The good news is that purpose increasingly represents fundamental opportunity and advantage. Having purpose means knowing one’s self, as well as solving real customer problems. Maximizing purpose makes it easier for relevant customers to affiliate with you and develop preference. Purpose is what makes success possible.

Know your purpose, and experiment with that in mind.  When purpose is clearly defined and is something all team members embrace, it enables nimble companies, bloggers and marketers to conduct lots of little experiments with purpose and run circles around competition who spend all their resources second guessing themselves.  I’m not saying don’t have a strategy, just realize if you spend too long on that, those focused on action and purpose will pass you by again and again.

Google, a company with a strong purpose, understands the value in experimenting:

As an interesting motivation technique (usually called Innovation Time Off), all Google engineers are encouraged to spend 20% of their work time (one day per week) on projects that interest them. Some of Google’s newer services, such as Gmail, Google News, Orkut, and AdSense originated from these independent endeavors.  In a talk at Stanford University, Marissa Mayer, Google’s Vice President of Search Products and User Experience, stated that her analysis showed that half of the new product launches originated from the 20% time.

Experimenting provides both subjective and objective insights

We learn by doing, and the more we experiment, the more unique and useful insights we have to assimilate and build upon.  What we learn during experimenting can be taken back and applied to improve our formal processes.  A key to building a huge following on the web is to continue to innovate and improve, and the more experiences you have, the better future decisions you’ll make.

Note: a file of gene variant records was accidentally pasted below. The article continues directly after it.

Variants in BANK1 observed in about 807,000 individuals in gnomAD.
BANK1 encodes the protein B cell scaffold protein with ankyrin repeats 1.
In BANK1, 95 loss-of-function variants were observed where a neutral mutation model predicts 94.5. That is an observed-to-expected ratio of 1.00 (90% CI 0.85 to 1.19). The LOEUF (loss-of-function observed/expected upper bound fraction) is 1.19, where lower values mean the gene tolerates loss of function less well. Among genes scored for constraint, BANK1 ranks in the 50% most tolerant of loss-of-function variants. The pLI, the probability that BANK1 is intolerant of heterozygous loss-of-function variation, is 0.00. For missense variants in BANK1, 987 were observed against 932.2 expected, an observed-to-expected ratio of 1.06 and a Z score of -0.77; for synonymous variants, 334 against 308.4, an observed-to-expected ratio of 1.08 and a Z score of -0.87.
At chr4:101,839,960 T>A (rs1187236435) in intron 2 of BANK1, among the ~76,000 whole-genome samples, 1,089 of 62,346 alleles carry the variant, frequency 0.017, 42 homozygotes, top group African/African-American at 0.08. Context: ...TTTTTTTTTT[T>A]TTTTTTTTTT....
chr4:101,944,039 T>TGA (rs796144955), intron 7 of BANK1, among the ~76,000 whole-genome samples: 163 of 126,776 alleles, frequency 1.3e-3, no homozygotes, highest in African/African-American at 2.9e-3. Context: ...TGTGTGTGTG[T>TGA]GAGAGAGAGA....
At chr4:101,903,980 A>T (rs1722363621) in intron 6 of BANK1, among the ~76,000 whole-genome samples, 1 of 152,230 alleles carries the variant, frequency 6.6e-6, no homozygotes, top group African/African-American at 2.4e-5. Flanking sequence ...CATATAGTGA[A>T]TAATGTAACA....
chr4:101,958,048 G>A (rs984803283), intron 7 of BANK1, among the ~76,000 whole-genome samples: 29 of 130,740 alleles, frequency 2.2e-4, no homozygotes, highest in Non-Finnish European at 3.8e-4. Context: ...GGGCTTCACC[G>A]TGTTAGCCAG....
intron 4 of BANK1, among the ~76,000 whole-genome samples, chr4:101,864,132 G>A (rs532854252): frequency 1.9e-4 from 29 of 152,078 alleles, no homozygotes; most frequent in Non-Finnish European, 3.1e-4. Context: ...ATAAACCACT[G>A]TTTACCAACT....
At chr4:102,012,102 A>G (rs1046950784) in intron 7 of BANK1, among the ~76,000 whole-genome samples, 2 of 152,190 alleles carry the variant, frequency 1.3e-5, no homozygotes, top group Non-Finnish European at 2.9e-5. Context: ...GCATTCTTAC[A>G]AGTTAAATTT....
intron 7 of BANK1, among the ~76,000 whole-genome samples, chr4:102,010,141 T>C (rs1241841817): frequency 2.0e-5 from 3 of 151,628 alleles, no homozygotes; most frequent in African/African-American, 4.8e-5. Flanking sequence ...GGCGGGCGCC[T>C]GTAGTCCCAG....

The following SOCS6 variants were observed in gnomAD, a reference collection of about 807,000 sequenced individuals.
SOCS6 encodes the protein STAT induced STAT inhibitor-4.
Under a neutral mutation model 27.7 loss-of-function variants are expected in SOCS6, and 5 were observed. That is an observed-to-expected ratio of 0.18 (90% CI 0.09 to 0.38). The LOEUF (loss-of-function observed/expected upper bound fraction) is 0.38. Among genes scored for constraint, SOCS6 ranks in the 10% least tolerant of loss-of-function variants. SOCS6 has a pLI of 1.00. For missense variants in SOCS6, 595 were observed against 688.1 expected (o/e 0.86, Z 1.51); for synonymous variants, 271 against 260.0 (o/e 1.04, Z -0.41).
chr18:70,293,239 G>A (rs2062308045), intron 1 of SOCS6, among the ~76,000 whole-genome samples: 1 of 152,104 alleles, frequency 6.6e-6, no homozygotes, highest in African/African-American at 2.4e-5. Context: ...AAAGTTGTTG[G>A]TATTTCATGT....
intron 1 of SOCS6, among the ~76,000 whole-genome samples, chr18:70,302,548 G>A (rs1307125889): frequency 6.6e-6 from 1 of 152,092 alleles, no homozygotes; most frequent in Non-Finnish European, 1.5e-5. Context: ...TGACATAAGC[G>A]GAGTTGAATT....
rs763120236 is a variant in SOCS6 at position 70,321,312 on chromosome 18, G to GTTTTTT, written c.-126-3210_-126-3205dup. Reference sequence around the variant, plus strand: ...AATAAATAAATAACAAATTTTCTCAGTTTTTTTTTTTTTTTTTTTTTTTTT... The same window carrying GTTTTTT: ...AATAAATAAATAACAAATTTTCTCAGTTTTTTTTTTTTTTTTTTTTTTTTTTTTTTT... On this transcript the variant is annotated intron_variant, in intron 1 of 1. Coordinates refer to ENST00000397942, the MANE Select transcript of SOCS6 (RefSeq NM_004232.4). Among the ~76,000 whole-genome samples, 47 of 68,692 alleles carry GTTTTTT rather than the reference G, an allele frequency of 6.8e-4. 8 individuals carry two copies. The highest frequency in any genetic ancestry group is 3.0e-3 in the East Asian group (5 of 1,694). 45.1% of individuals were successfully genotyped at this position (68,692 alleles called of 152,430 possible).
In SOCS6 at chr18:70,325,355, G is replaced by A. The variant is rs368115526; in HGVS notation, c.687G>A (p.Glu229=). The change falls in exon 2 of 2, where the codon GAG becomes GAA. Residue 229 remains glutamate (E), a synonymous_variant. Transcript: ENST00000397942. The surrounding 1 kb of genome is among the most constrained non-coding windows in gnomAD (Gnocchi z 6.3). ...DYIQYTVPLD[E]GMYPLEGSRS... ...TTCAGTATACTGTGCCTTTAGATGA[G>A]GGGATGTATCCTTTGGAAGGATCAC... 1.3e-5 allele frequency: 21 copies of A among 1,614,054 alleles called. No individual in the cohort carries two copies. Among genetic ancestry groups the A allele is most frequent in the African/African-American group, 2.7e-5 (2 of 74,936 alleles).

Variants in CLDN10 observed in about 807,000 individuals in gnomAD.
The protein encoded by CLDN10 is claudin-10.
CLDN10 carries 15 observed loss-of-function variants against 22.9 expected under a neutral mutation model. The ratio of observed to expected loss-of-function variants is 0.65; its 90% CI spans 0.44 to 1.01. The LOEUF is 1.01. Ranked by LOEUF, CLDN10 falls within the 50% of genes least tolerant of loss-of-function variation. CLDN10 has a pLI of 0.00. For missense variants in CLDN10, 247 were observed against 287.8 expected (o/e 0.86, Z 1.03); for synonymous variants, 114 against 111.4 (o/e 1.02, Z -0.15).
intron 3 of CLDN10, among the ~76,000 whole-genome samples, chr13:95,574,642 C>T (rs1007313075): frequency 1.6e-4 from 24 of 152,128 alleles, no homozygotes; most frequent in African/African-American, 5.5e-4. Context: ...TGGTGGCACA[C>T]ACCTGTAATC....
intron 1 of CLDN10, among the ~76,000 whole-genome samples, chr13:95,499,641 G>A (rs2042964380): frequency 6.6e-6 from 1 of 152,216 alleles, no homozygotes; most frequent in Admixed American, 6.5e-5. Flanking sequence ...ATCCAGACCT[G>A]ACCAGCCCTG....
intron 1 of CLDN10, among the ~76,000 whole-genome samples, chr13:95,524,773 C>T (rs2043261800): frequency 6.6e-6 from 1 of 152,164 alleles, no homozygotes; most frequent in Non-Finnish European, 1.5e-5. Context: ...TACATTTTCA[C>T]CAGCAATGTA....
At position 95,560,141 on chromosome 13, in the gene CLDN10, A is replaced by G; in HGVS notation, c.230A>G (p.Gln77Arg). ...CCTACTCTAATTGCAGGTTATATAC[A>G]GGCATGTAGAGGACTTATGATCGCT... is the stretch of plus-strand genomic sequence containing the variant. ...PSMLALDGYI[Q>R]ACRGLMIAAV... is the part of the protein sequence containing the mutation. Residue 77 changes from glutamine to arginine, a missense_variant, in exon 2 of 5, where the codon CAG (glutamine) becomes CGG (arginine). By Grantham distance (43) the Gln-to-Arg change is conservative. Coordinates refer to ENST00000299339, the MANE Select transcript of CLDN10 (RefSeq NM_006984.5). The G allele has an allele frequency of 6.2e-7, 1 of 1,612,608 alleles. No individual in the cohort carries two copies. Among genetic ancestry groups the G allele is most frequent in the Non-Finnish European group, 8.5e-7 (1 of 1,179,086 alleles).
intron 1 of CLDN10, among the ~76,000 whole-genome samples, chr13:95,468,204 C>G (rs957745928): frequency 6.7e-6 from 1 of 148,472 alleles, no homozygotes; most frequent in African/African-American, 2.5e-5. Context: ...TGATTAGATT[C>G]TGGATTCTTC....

Eric Friedman calls his experiments “Sandbox Projects,” and notes:

… it is always good to learn something by actually doing it – and web applications are no different. You can only learn so much in hypothetical situations or from reading about them in a textbook or case study situation.

Tim Jahn puts the benefits of experimenting into context nicely:

So many people are waiting for the million dollar idea.  That overnight success that will launch them into financial freedom and a mansion in the hills.

Others are trying five dollar ideas, failing, and then trying a different five dollar idea.  It may take them days, months, even years, but they’ll end up with something.

Are you experimenting with a good deal of frequency or just doing more of the same?  What do you think of companies that empower their teams to freely experiment vs. those where deviation is not an option?

Related posts:

How To Be More Creative

Don’t Worry About Being Original, Be Genuinely Useful

Your Marketing Is (Most Likely) Dated

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Comments

  1. T.J. Anderson replied | Apr 15, 2009 (1 comment)

    Experimentation is the kind of stimulation this country needs right now. Many people say that World War II was the solution to the great depression. But if you look at history that was also the age of Einstein, Madam Currie, and many amazing groundbreaking researchers. All of whom used the scientific method, which is simply stating what you think will happen and then trying it, learn, repeat.

  2. Tim Jahn replied | Apr 15, 2009 (59 comments)

    I love what Max said: “Their crewmembers typically can’t articulate what they’re doing, nor why others should join.”

    If your employees have no idea what your company does or why others would ever want to be a part of it, there’s a big problem.

    Keep your company fresh and exciting by experimenting and trying new things. Experimenting has been proven to create great things. Look at any object near you at this moment. Experimenting played some part.

  3. Mark Dykeman replied | Apr 16, 2009 (10 comments)

    “The web makes the cost of failure so low it’s worth failing like crazy to learn what works. ”

    This phrase caught my eye because it’s very similar to one of the themes of Clay Shirky’s “Here Comes Everybody”. In his context, he uses it to describe one of the reasons that Linux was able to grow and thrive and why established companies like Microsoft wouldn’t be able to handle it – the cost of failure would be too high for MS.

    Another great post!

  4. Adam Singer replied | Apr 16, 2009 (632 comments)

    @T.J. Anderson – agreed, the world always needs more experimenting and learning, it is a perpetual process for our species.

    @Tim Jahn – Max is very quotable…as are you!

    @Mark Dykeman – yes, that is where the quote is from – click the link and it takes you to when I referenced Clay. Great catch.

  5. If you are not constantly experimenting and trying new things then you are going to become very stagnant very quick!

  6. adam replied | Apr 19, 2009 (1 comment)

    “Experiments on the web are cheap.” That’s all the incentive right there. If your experiment wins, you win big. If it fails, you lose almost nothing.